During the past two years, thermometers of great accuracy, intended for very high temperatures, up to 550° C. (1022° F.), have been made in Germany, of special glass, known as “Jepa resistance glass,” which is very hard and non-contractile. In order to prevent boiling of the mercury, which ordinarily occurs at about 357° C. (674.6° F.), the capillary tube is expanded at the upper end and filled above the mercurial column with compressed dry carbon dioxide. Still more recently (1891) thermometers have been manufactured in which the indicator consists of an alloy of sodium and potassium, instead of mercury, and which may be used for temperatures running as high as 650° C. (1202° F.). The alloy is enclosed, as in the previous case, in “resistance” glass, and the space above the alloy is filled with nitrogen at such pressure that, when the bulb becomes red-hot, the pressure inside is equal to that of the atmosphere. The glass of the bulb is attacked by the alloy and turned brown, but this occurs at the time of filling, and the coating then formed upon the surface of the glass protects it from further action.

For registering still higher temperatures, instruments known as pyrometers are employed, which are, however, not very trustworthy; they are of two kinds, Wedgewood's pyrometer, based on the contraction of clay, and Broguiart's pyrometer, based on the expansion of metals. When it is desirable to note the highest or lowest temperature reached during any fixed time, maximum and minimum thermometers, so constructed that a small metallic or glass indicator is carried to the highest or lowest point reached by the mercury or alcohol, and left at that point when the volume again changes, are used.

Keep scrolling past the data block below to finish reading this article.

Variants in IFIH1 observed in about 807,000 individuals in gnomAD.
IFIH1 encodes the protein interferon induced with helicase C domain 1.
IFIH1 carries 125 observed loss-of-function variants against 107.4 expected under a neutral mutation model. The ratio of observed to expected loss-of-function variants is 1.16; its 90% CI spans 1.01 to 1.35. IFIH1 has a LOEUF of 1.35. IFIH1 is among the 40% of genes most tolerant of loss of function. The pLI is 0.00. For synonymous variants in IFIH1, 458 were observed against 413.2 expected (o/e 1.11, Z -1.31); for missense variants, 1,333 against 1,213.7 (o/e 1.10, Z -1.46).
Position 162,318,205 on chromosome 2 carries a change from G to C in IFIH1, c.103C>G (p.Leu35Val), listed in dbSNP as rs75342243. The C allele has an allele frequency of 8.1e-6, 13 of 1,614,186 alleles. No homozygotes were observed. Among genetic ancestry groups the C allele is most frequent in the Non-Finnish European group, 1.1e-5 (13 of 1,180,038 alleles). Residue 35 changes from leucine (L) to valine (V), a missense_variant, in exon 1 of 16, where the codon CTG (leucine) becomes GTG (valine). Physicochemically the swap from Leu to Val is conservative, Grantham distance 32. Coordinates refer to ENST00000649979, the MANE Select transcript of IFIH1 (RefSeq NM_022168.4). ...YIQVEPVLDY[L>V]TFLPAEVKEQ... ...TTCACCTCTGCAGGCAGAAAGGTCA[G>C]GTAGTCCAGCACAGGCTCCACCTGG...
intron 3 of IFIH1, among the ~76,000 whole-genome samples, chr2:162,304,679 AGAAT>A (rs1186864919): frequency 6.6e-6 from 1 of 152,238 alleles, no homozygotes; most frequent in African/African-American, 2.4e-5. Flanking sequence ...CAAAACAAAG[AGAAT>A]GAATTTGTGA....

Three different thermometric registers, known as the Fahrenheit, Celsius or Centigrade, and Réaumur scales, are in use. For scientific purposes the Centigrade scale is now universally employed, while the Fabrenheit scale is in common use in this country and Great Britain, and the Réaumur scale is ordinarily used in Continental Europe. The graduations of all three scales are arbitrary, yet based upon careful observations of the respective authors. Fahrenheit, a German, who invented the mercurial thermometer, in 1709, observed that a quantity of mercury immersed in a mixture of ice and salt (considered by him as the absolute zero of temperature) amounted to 11,124 volume parts, and when immersed in melting ice expanded to 11,156 volume parts, showing an increase of 32; the same quantity of mercury immersed in boiling water expanded to 11,336 volume parts, or an increase of 212.